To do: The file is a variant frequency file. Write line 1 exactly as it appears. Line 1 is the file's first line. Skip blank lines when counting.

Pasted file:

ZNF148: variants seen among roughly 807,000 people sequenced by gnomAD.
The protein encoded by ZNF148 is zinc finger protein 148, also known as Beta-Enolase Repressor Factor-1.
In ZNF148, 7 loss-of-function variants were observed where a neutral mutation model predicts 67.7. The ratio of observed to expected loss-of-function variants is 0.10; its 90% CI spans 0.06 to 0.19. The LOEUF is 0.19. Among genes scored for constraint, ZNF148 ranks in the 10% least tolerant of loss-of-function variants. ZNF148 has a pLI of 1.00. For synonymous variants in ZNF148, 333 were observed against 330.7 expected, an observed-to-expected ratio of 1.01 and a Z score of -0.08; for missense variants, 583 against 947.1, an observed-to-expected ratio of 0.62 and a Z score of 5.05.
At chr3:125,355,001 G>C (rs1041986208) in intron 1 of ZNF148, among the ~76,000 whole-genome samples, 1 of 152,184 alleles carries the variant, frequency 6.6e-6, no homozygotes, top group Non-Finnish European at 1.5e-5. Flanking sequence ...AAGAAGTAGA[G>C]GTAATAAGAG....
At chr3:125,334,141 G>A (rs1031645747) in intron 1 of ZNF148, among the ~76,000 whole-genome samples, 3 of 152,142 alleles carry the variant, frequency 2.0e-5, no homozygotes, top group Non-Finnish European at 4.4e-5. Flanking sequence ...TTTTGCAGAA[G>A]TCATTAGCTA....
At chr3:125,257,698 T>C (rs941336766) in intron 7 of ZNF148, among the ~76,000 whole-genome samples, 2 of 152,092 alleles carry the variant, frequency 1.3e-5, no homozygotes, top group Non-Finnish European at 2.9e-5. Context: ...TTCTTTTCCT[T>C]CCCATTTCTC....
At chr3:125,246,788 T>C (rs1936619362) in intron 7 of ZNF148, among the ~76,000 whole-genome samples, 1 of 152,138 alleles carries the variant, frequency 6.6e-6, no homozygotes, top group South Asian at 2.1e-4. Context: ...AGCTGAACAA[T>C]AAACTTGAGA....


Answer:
ZNF148: variants seen among roughly 807,000 people sequenced by gnomAD.